In the order entered June 24, 2014, granting the attorneys' motion in part to impose sanctions under CR 37.02, the trial court stated as follows:
CR 37.02(3) states, “the court shall require the party failing to obey the order or the attorney advising him or both to pay reasonable expenses, including attorney's fees, caused by the failure ․” When a hearing was finally held on the scope of the CID, National College and its counsel still could not present any legitimate objections on its claim that the CID was invalid. At that point, it became abundantly clear that National College, through counsel, was attempting to delay a valid investigation by the Attorney General. After a review of the comprehensive litigation process, it was unreasonable under the circumstances for Grasch Law's attorneys to continue to engage in obstructionist litigation tactics that resulted in substantial delay in the compliance of National College with the Court's prior orders and its obligations under the Consumer Protection Act. In this respect, the Court is especially mindful that when the hearing was held on the scope of the CID, there were absolutely no reasonable grounds asserted to support withholding the requested documents, and thereafter, it took National College until February 11, 2014, to comply with a CID that all other for profit colleges responded to in a matter of days after being served. National College's responses to the CID requests were continuously deficient and counsel could not establish a credible basis for the incompleteness. Thus this Court is justified in imposing $10,000 in sanctions pursuant to CR 37.02(3) for Grasch Law's lack of cooperation and failure to comply with this Court's order for the timely production of the requested documents.
Thomerson and Grasch raise a general argument that there are minimal statutory and case law authorities addressing the issues presented by National College's challenge to the CID. They contend they were consequently compelled to base their arguments on novel interpretations of the law which the trial court unfairly construed as “obstructionist tactics.” Among the “novel issues” presented, they list the impact and effect of language in the Kentucky Consumer Protection Act relating to the permissible scope of a CID; whether the recipient of a CID has the right to conduct discovery pursuant to the Civil Rules; the impact of the earlier Court of Appeals' Opinion on the scope of the CID; and, whether College was warranted in filing the action under a pseudonym and seeking to proceed anonymously. They challenge nine specific events relied upon by the trial court for the imposition of sanctions, arguing they were fully justified in raising and litigating these matters. Of these nine events, appellants argue four cannot form the basis of a CR 37.02 sanction: (1) College's attempted use of a pseudonym; (2) College's motion for contempt seeking to stop the Attorney General from making statements identifying the College as the petitioner in the case; (3) College's request to take discovery regarding permissible scope of the CID following the first appeal; and, (4) College's asserted objections based on scope to some, but not all, the CID requests.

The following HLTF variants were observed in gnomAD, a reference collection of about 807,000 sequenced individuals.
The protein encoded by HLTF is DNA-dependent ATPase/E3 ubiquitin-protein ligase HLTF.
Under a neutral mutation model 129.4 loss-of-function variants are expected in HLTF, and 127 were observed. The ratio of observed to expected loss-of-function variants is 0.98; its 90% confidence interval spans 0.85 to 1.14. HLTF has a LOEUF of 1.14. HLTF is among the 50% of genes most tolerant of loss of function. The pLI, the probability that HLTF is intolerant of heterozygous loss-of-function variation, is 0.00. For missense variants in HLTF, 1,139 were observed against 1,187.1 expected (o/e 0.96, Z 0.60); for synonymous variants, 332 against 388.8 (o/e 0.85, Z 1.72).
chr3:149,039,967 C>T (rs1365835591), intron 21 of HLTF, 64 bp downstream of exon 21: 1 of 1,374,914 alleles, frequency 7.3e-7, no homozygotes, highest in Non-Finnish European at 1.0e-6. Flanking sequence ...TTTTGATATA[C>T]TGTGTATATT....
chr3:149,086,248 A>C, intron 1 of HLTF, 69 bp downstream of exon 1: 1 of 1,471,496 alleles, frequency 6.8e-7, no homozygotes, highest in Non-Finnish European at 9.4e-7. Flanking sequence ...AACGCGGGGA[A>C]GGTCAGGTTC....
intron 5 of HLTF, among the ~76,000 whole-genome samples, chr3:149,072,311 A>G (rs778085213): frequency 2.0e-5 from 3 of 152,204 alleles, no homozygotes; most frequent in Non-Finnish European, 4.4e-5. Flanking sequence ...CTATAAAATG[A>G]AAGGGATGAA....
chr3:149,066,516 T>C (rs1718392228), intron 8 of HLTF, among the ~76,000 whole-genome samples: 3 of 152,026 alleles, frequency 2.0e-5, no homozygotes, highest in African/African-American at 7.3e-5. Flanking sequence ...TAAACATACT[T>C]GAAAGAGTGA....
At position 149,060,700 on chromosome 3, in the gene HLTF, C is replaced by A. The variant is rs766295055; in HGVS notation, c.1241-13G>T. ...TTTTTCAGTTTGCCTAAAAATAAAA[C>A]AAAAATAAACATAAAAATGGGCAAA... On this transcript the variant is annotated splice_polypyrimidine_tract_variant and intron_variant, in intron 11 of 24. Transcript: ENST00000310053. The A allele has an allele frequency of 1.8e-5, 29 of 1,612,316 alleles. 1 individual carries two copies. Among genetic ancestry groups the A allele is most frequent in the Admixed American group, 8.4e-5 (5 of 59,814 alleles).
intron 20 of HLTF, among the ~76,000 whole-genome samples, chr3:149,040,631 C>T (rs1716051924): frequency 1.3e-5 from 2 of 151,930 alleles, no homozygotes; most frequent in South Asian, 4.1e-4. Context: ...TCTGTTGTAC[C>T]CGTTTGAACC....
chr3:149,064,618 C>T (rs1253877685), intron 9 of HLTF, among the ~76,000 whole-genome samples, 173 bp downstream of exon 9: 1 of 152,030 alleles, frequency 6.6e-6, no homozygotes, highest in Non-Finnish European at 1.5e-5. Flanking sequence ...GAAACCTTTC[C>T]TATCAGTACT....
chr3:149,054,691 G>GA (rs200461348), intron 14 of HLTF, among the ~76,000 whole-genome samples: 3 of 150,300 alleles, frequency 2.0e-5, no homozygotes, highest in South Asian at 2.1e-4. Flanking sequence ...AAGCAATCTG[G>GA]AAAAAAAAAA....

As we have already stated, the trial court originally imposed sanctions against Thomerson and Grasch under CR 11. Appellants themselves successfully moved the trial court to impose the sanctions under CR 37.02 instead. They now argue on appeal the trial court erroneously treated several of these events as discovery violations under CR 37.02. Under these circumstances, this Court will not review these purported abuses of discretion by the trial court when it acted precisely as appellants themselves requested.
As to the remaining issues, appellants themselves acknowledge the trial court did not list litigation of the FERPA issue as a basis for imposing the sanction. It will not, therefore, be considered here.
The remaining issues to be reviewed for abuse of discretion are as follows: (1) arguments asserted by College regarding permissible scope of the CID; (2) the trial court's reliance on a bar complaint filed by College against the Attorney General that is not in the record; and (3) the trial court assigning fault to appellants for the inability of the parties to resolve litigation through the normal course of negotiation and compromise of disputed discovery issues.
In its December 3, 2013, opinion and order, the trial court stated as follows in partial support of its decision to impose sanctions on Thomerson and Grasch:
The Court of Appeals held that the CID was lawfully issued and remanded this matter for a hearing on the scope of the CID, which National College again and again maintained was “unreasonable and unjustified.” At the hearing on the scope of the CID, however, National College made no arguments supporting their insistence that the CID was overly broad and burdensome, but instead argued that they were entitled to take discovery from the Attorney General to adequately challenge the scope of the CID. The Court finds that National College had no good faith basis for asserting that the scope of the CID was overly broad or burdensome, and filed pleadings challenging the scope of the CID for the improper purpose of causing unnecessary delay.